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Architectus leads Western Sydney in a sustainable direction

In cahoots with Bligh Tanner and Sydney Water, Architectus has explored urban typologies and stormwater management, with a look to shape a sustainable urban environment in Western Parkland City.

Caring for the planet is ultimately caring for ourselves. With a new strategy direction from Architectus, there is a chance to embrace sustainable stormwater initiatives that will benefit Western Sydney, the landscape and the people. The hard work has been accomplished now for implementation!

Looking to the future and helping to shape a new cooler and greener Western Sydney, Architectus, collaborating with Bligh Tanner and in partnership with Sydney Water, has created an urban design solution for a more sustainable environment.

As a renowned Australian architecture and design practice, Architectus has acquired a deep understanding and a variety of perspectives through multiple projects that span the commercial, residential, education, public, transport, interior architecture, urban design and planning sectors. From this vast experience, Architectus was able to bring to the table a valuable contribution and complement the knowledge of their collaborators.

The project know as Urban Typologies and Stormwater Management, focuses on Western Sydney’s Wianamatta South Creek corridor — otherwise known as Western Parkland City — and the strategy developed places the urban microclimate at the forefront of urban planning. Re-assessing traditional ways of working, Architectus, Bligh Tanner and Sydney Water have together conceived an innovative approach to stormwater management and the challenges of urban density, urban greening and sustainable water management.

One of the significant findings of the project was that temperatures can be reduced by up to 4.6 degrees on average by creative streetscape design and stormwater capture in new developments. The proposed typologies provide an evidence-based benchmark for the delivery of best practice sustainability outcomes in Western Sydney and other growth areas over the coming decades to create better and more resilient communities.

 

The project found that temperatures can be reduced by up to 4.6 degrees on average by creative streetscape design and stormwater capture.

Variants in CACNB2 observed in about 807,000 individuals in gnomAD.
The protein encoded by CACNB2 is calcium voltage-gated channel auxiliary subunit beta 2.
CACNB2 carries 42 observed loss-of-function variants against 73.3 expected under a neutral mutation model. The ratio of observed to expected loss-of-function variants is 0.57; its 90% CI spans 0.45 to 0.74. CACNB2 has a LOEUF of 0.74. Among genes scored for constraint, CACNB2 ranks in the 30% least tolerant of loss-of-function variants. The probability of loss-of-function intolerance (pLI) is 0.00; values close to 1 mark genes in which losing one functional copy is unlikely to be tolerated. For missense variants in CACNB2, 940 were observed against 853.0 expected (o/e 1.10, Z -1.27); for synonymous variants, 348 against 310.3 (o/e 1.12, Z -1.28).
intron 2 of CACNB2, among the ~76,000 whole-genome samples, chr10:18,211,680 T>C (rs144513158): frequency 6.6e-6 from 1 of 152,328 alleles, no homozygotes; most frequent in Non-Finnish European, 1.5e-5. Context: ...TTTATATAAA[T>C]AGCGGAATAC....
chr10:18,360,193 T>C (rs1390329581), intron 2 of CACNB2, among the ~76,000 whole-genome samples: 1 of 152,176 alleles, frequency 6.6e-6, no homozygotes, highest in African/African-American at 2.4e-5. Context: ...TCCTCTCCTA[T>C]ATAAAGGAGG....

Architectus Project Lead Oscar Stanish commented, “We’re looking at something very broad which integrates the stormwater outcomes together with the expansive issues of heat, climate and greening in Western Sydney. It’s really about making sure that we are connecting the dots between a lot of different people, in many different disciplines and that’s really, I think, at the core of what we have brought here with this project.”

Alan Hoban, Project Lead at Bligh Tanner said “This is the first time in Australia that a new city is being designed to deal with the challenges of future climates. The challenge of Western Sydney is to accommodate an additional one million people in an area that can get oppressively hot in summer, and where there are housing affordability pressures, sensitive waterways and key infrastructure constraints.”

The Report’s recommendations are designed for simple and realistic implementation by planning authorities and developers across a broad range of uses, including office, industrial and residential developments. Proposed changes include increasing canopy cover, maximising areas of irrigated vegetation and setting planning controls on the amount of water-resistant surfaces. These changes can contribute to a 75 per cent reduction in stormwater runoff compared to current standards.

Stanish added, “What I really liked about it (the project) was the opportunity to work on climate in general, trying to look at what the end outcomes are going to be for the people who live and work in Western Sydney in the future and, from a whole range of perspectives, that those things can all be delivered.”

The project included many stakeholders and added to the complexity of the research and analysis with input from the Greater Sydney Commission, Western Sydney Planning Partnership and the Department of Planning Industry and Environment to name but a few. All areas of design were integrated into the proposition and the outcomes are a genuine step forward in the quest for a more sustainable environment if and when implementation occurs.

 

“It’s really about making sure that we are connecting the dots between a lot of different people, in many different disciplines”

 

Sydney Water Managing Director, Roch Cheroux said the report showcases the smart planning techniques that will guide development across Western Sydney and other growth communities, reducing the Urban Heat Island Effect through more effective design principles and catchment management.

“The report was commissioned to help influence the design of buildings, open spaces, streetscapes and green corridors to deliver a true Western Parkland City, in what is currently one of the hottest and driest parts of Greater Sydney.

“Furthermore, implementing cooling actions such as permeable surfaces, tree planting, vegetation and irrigation will provide welcome relief to communities in Western Sydney, with modelling showing the number of extreme, very strong and strong heat-stress days per summer, decreases dramatically from 47 to 19 days.”

There is no time to waste in embracing initiatives that can sustain both the planet and our communities. Time is of the essence and with a plan of action such as this it is possible to make a real difference and one that matters on every level.

Imagery courtesy of Architectus and Bligh Tanner

 
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